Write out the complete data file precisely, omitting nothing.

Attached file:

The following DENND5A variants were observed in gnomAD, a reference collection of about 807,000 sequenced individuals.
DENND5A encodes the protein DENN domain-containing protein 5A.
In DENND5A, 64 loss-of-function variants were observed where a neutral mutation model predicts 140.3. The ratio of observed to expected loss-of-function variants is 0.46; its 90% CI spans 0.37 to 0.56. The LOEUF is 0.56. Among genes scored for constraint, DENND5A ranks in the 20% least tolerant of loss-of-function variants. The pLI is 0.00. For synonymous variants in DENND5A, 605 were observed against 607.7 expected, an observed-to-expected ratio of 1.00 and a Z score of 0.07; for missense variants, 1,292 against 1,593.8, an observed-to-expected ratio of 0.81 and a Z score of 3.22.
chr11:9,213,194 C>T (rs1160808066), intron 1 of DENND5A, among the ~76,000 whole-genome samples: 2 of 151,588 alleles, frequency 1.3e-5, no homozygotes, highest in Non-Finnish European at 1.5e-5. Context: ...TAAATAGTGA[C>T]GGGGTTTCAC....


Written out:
The following DENND5A variants were observed in gnomAD, a reference collection of about 807,000 sequenced individuals.
DENND5A encodes the protein DENN domain-containing protein 5A.
In DENND5A, 64 loss-of-function variants were observed where a neutral mutation model predicts 140.3. The ratio of observed to expected loss-of-function variants is 0.46; its 90% CI spans 0.37 to 0.56. The LOEUF is 0.56. Among genes scored for constraint, DENND5A ranks in the 20% least tolerant of loss-of-function variants. The pLI is 0.00. For synonymous variants in DENND5A, 605 were observed against 607.7 expected, an observed-to-expected ratio of 1.00 and a Z score of 0.07; for missense variants, 1,292 against 1,593.8, an observed-to-expected ratio of 0.81 and a Z score of 3.22.
chr11:9,213,194 C>T (rs1160808066), intron 1 of DENND5A, among the ~76,000 whole-genome samples: 2 of 151,588 alleles, frequency 1.3e-5, no homozygotes, highest in Non-Finnish European at 1.5e-5. Context: ...TAAATAGTGA[C>T]GGGGTTTCAC....